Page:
Polish drivers can be pretty bad but not the worst in Europe by any means.

Kind of depends on whether you're talking about the European Union or the whole European continent. As soon as you start adding all the Eastern and Balkan places outside of the EU Poland probably doesn't look too bad, but in terms of the EU, Poland has still has one of the highest rates of road deaths. You know that that in the European Day Without a Road Death event over the last two years, about 15 EU countries had zero fatalities on that day whilst Poland came bottom with about 18 deaths on that day in 2016, and an even higher number the following year!! Don't know about this year.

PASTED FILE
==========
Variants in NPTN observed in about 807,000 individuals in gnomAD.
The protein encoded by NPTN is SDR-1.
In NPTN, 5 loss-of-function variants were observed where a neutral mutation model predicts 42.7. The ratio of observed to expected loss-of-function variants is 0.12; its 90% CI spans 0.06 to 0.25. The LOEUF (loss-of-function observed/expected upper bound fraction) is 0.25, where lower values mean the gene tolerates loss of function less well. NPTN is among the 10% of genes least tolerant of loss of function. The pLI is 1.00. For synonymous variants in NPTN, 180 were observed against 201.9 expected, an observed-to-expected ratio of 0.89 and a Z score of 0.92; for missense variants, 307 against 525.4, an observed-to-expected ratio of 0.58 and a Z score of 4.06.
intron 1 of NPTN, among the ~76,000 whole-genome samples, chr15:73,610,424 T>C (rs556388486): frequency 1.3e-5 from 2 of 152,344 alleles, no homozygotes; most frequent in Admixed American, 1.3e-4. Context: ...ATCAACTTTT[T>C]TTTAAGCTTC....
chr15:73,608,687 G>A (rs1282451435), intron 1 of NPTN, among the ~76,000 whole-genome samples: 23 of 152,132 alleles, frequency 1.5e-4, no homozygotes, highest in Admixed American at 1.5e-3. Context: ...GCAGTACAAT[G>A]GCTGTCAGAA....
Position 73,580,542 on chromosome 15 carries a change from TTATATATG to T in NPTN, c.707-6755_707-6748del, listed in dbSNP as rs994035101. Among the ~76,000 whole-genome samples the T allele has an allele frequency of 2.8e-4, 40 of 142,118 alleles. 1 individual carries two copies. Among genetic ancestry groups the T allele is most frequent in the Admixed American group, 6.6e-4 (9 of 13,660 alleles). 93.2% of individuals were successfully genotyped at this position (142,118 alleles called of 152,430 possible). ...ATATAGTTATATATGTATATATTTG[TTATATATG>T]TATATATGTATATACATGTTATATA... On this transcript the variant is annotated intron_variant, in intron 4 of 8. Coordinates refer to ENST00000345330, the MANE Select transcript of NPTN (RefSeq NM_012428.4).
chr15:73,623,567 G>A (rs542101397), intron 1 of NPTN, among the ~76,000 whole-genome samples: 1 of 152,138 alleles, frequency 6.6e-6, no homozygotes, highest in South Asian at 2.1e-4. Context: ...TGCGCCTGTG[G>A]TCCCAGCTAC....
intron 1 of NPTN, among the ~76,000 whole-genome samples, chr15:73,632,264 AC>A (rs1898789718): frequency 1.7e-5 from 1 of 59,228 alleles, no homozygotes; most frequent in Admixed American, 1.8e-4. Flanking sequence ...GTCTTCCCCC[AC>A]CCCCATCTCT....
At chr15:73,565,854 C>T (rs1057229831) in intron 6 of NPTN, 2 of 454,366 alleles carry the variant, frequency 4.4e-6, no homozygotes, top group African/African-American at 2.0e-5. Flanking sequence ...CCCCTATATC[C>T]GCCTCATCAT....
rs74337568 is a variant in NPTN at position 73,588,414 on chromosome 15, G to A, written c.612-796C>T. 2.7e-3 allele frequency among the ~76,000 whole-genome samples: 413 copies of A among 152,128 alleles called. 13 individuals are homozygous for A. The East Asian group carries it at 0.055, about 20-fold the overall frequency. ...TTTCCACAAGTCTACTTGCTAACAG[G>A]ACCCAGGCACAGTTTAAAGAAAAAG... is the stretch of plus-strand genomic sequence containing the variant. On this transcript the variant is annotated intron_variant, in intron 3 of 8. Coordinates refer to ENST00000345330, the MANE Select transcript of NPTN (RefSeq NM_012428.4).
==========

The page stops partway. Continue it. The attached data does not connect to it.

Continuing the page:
One of the truly staggering stats about road deaths in Poland, is how many fatal accidents occur on pedestrian crossings. Excessive speed is one of the main factors of course but it's also lack of the most basic defensive driving skills, no 'mirror, signal, manoeuvre' routine, no reading the road ahead, driving up the arse of the car in front, road positioning, slowing down for a junction etc, none of that. Just get in to the car, start the engine and don't stop until you reach your destination. And of course lack of basic manners. In the same way that people on the pavement here never go into single file but simply shoulder their way through, they drive the same way, never slow down, never yield.